"A portrait is a picture in which there is just a tiny little something not quite right about the mouth." -- John Singer Sargent

Tuesday, April 12, 2016

John Marshall

This 1809–10 portrait of John Marshall by Cephus Thompson hangs in the National Portrait Gallery in Washington DC.
“John Marshall, the fourth chief justice of the United States, established the concept of judicial review — in which the Supreme Court could pronounce a law of Congress as unconstitutional — and strengthened the idea of an independent federal judiciary. In cases brought to the Court between 1810 and 1824 — years in which the Marshall Court enjoyed great stability and harmony — Marshall used the Court's judicial review to nullify state laws violating constitutional restraints of state power. The effect of Marshall's long tenure as chief justice (1801-35) was to strengthen the Court, the Constitution, and the federal government. The Court became a preeminent interpreter of the Constitution, and the federal government's enumerated powers were given a broad interpretation and made superior to those of the states.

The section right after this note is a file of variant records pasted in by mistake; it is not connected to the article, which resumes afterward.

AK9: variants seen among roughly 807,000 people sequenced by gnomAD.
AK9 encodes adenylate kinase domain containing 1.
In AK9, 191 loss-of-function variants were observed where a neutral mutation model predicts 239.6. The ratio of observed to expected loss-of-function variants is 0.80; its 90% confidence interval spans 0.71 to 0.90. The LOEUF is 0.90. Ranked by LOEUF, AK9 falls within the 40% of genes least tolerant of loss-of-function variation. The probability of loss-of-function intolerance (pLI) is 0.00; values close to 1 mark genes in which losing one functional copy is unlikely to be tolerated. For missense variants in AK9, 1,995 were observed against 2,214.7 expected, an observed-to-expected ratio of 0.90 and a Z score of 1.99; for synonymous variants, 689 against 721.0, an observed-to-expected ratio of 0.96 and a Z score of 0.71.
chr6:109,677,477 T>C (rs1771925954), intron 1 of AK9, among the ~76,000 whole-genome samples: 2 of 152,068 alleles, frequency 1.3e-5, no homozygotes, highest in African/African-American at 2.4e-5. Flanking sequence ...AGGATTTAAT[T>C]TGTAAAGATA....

Cephas Thompson painted a portrait of Marshall from life in Richmond, as well as six replicas for admirers, two years after Marshall presided at the trial of Aaron Burr for treason.” — National Portrait Gallery

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